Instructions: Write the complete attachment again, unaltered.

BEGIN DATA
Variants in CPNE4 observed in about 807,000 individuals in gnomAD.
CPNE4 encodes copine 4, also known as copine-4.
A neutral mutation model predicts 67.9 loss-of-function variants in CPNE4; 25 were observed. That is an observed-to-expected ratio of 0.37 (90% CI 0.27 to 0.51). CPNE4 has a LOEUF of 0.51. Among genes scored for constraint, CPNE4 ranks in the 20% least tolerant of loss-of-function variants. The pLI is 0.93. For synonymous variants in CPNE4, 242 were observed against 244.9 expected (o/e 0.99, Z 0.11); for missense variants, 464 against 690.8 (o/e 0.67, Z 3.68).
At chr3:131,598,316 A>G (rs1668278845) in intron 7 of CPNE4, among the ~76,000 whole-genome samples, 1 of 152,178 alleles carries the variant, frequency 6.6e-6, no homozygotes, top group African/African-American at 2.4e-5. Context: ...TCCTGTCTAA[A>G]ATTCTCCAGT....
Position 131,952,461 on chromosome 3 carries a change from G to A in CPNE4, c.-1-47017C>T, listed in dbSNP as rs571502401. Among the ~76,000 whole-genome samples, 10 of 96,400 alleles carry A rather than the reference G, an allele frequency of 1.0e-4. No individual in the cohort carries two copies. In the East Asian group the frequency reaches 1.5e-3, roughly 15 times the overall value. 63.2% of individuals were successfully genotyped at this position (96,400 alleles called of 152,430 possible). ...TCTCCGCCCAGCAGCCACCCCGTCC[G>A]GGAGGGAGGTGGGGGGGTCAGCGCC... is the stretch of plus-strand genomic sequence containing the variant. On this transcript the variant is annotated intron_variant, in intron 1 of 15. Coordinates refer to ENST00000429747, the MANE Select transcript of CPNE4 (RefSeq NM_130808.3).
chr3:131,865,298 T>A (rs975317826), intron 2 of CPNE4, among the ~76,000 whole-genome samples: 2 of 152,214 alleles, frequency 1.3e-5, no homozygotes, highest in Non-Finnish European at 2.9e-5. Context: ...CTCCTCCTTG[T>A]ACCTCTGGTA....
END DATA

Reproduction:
Variants in CPNE4 observed in about 807,000 individuals in gnomAD.
CPNE4 encodes copine 4, also known as copine-4.
A neutral mutation model predicts 67.9 loss-of-function variants in CPNE4; 25 were observed. That is an observed-to-expected ratio of 0.37 (90% CI 0.27 to 0.51). CPNE4 has a LOEUF of 0.51. Among genes scored for constraint, CPNE4 ranks in the 20% least tolerant of loss-of-function variants. The pLI is 0.93. For synonymous variants in CPNE4, 242 were observed against 244.9 expected (o/e 0.99, Z 0.11); for missense variants, 464 against 690.8 (o/e 0.67, Z 3.68).
At chr3:131,598,316 A>G (rs1668278845) in intron 7 of CPNE4, among the ~76,000 whole-genome samples, 1 of 152,178 alleles carries the variant, frequency 6.6e-6, no homozygotes, top group African/African-American at 2.4e-5. Context: ...TCCTGTCTAA[A>G]ATTCTCCAGT....
Position 131,952,461 on chromosome 3 carries a change from G to A in CPNE4, c.-1-47017C>T, listed in dbSNP as rs571502401. Among the ~76,000 whole-genome samples, 10 of 96,400 alleles carry A rather than the reference G, an allele frequency of 1.0e-4. No individual in the cohort carries two copies. In the East Asian group the frequency reaches 1.5e-3, roughly 15 times the overall value. 63.2% of individuals were successfully genotyped at this position (96,400 alleles called of 152,430 possible). ...TCTCCGCCCAGCAGCCACCCCGTCC[G>A]GGAGGGAGGTGGGGGGGTCAGCGCC... is the stretch of plus-strand genomic sequence containing the variant. On this transcript the variant is annotated intron_variant, in intron 1 of 15. Coordinates refer to ENST00000429747, the MANE Select transcript of CPNE4 (RefSeq NM_130808.3).
chr3:131,865,298 T>A (rs975317826), intron 2 of CPNE4, among the ~76,000 whole-genome samples: 2 of 152,214 alleles, frequency 1.3e-5, no homozygotes, highest in Non-Finnish European at 2.9e-5. Context: ...CTCCTCCTTG[T>A]ACCTCTGGTA....